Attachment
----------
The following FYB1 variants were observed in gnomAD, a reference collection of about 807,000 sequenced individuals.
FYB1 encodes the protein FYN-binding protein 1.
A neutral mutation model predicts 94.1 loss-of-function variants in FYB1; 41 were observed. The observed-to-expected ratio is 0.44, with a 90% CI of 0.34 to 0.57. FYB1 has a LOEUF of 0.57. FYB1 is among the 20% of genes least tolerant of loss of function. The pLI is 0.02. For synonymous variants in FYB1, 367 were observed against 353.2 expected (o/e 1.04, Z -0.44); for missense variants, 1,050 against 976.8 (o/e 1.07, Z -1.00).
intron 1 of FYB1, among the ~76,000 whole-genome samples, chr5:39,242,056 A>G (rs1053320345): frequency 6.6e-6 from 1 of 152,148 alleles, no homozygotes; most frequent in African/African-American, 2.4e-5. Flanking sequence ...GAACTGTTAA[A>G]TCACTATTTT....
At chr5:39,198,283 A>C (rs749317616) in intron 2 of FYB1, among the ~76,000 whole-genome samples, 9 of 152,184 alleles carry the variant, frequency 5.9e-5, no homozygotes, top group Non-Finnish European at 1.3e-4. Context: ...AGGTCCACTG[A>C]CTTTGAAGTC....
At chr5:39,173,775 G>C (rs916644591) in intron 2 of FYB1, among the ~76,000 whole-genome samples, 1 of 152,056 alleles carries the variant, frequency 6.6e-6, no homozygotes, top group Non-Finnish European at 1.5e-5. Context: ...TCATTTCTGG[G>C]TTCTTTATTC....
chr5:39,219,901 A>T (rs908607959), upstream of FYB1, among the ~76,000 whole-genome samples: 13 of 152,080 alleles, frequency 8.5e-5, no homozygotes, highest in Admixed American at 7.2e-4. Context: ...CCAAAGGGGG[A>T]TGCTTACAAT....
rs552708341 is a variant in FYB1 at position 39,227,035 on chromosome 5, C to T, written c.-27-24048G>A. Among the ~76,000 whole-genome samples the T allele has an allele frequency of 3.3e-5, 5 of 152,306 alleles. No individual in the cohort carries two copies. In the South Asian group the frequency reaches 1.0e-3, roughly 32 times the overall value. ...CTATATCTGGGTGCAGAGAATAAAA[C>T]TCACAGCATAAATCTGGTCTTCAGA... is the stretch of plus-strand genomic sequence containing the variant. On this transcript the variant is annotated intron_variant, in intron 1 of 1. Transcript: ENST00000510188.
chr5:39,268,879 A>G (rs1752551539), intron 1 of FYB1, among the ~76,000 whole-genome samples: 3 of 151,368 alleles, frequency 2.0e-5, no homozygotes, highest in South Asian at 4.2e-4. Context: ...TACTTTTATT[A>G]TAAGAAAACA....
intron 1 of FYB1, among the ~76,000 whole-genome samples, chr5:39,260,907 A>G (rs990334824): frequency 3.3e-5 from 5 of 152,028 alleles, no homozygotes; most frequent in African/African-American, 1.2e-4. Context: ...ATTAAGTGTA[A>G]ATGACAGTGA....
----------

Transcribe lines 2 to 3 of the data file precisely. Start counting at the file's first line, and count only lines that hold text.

FYB1 encodes the protein FYN-binding protein 1.
A neutral mutation model predicts 94.1 loss-of-function variants in FYB1; 41 were observed. The observed-to-expected ratio is 0.44, with a 90% CI of 0.34 to 0.57. FYB1 has a LOEUF of 0.57. FYB1 is among the 20% of genes least tolerant of loss of function. The pLI is 0.02. For synonymous variants in FYB1, 367 were observed against 353.2 expected (o/e 1.04, Z -0.44); for missense variants, 1,050 against 976.8 (o/e 1.07, Z -1.00).